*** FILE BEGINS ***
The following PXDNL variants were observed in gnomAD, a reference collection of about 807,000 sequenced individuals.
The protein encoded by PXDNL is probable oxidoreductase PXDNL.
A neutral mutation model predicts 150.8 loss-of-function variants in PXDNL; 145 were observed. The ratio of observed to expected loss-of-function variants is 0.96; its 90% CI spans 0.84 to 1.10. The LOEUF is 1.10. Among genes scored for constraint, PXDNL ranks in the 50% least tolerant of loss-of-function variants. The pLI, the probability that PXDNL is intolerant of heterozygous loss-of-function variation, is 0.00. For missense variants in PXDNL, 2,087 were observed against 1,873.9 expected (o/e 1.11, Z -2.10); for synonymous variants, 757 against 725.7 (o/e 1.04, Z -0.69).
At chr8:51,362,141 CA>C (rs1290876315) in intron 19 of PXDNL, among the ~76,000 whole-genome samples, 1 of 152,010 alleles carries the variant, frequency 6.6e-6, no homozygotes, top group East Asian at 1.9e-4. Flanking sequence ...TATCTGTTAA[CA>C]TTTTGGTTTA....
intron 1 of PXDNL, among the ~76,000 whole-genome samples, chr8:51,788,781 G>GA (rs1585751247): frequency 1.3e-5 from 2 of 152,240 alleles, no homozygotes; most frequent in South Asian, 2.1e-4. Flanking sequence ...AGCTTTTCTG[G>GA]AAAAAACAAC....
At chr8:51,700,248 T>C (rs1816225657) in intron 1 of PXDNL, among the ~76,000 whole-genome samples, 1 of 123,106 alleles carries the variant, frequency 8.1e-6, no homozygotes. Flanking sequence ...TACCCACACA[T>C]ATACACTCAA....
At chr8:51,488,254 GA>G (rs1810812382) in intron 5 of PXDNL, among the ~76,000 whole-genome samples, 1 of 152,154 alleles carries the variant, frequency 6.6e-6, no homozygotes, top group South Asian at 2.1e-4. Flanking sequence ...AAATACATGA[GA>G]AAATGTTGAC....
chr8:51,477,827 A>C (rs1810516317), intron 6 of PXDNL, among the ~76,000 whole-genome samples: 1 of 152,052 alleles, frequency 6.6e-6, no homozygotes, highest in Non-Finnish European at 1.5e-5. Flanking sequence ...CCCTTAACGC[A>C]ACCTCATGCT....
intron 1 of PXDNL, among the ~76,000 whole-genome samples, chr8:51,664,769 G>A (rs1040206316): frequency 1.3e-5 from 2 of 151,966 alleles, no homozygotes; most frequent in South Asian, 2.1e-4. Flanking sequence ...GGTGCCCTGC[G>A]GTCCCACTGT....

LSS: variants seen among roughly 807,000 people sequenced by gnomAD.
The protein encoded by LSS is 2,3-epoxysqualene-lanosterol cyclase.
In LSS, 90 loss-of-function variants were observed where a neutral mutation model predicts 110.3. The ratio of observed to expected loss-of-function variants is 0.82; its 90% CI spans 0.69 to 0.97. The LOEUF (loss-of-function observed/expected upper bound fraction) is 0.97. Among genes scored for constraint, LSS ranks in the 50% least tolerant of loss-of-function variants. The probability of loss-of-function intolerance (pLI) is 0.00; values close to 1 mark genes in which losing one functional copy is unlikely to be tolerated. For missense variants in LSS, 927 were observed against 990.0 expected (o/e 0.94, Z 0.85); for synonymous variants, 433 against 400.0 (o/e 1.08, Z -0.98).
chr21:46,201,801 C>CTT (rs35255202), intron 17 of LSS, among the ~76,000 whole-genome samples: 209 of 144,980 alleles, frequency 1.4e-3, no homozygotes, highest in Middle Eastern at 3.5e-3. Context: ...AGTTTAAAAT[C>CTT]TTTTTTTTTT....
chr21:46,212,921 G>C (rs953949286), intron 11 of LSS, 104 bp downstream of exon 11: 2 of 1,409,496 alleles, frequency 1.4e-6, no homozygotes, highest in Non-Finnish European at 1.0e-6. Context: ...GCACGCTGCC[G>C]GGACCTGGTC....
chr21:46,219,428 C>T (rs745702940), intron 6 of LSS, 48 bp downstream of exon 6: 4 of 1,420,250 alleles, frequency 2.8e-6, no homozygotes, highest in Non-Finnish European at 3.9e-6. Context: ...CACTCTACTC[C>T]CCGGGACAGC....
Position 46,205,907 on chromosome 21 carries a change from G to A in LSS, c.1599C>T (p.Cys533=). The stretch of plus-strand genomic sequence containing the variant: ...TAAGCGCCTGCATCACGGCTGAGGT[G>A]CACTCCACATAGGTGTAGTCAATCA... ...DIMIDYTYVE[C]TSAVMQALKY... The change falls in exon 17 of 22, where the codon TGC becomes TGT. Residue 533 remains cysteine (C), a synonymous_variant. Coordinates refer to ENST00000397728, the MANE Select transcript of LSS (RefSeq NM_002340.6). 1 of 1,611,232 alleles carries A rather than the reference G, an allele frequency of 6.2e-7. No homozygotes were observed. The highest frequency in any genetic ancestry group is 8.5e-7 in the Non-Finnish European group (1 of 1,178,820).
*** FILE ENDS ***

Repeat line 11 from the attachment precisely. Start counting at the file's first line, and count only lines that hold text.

The protein encoded by LSS is 2,3-epoxysqualene-lanosterol cyclase.